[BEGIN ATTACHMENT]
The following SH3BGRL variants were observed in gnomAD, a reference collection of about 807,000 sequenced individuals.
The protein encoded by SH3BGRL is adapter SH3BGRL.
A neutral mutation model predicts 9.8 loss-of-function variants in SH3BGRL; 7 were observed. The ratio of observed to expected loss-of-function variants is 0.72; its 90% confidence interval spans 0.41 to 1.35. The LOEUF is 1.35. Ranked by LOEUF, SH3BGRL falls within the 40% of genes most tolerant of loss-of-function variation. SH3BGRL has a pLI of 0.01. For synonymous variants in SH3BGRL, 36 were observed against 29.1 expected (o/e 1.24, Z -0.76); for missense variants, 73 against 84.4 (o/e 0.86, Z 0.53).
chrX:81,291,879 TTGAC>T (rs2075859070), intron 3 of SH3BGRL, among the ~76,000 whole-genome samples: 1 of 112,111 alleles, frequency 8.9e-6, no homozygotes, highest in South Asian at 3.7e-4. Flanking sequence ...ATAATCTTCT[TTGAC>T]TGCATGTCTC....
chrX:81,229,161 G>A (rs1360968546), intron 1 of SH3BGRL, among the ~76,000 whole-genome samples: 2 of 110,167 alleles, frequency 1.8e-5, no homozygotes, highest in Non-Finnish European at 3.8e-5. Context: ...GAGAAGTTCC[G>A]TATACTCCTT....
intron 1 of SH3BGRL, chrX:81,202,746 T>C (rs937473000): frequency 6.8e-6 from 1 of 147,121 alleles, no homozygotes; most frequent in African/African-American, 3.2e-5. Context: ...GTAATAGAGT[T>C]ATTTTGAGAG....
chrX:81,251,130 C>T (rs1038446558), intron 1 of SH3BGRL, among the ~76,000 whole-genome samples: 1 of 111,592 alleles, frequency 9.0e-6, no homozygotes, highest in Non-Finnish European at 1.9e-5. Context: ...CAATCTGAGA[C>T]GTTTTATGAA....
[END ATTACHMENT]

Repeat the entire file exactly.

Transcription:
The following SH3BGRL variants were observed in gnomAD, a reference collection of about 807,000 sequenced individuals.
The protein encoded by SH3BGRL is adapter SH3BGRL.
A neutral mutation model predicts 9.8 loss-of-function variants in SH3BGRL; 7 were observed. The ratio of observed to expected loss-of-function variants is 0.72; its 90% confidence interval spans 0.41 to 1.35. The LOEUF is 1.35. Ranked by LOEUF, SH3BGRL falls within the 40% of genes most tolerant of loss-of-function variation. SH3BGRL has a pLI of 0.01. For synonymous variants in SH3BGRL, 36 were observed against 29.1 expected (o/e 1.24, Z -0.76); for missense variants, 73 against 84.4 (o/e 0.86, Z 0.53).
chrX:81,291,879 TTGAC>T (rs2075859070), intron 3 of SH3BGRL, among the ~76,000 whole-genome samples: 1 of 112,111 alleles, frequency 8.9e-6, no homozygotes, highest in South Asian at 3.7e-4. Flanking sequence ...ATAATCTTCT[TTGAC>T]TGCATGTCTC....
chrX:81,229,161 G>A (rs1360968546), intron 1 of SH3BGRL, among the ~76,000 whole-genome samples: 2 of 110,167 alleles, frequency 1.8e-5, no homozygotes, highest in Non-Finnish European at 3.8e-5. Context: ...GAGAAGTTCC[G>A]TATACTCCTT....
intron 1 of SH3BGRL, chrX:81,202,746 T>C (rs937473000): frequency 6.8e-6 from 1 of 147,121 alleles, no homozygotes; most frequent in African/African-American, 3.2e-5. Context: ...GTAATAGAGT[T>C]ATTTTGAGAG....
chrX:81,251,130 C>T (rs1038446558), intron 1 of SH3BGRL, among the ~76,000 whole-genome samples: 1 of 111,592 alleles, frequency 9.0e-6, no homozygotes, highest in Non-Finnish European at 1.9e-5. Context: ...CAATCTGAGA[C>T]GTTTTATGAA....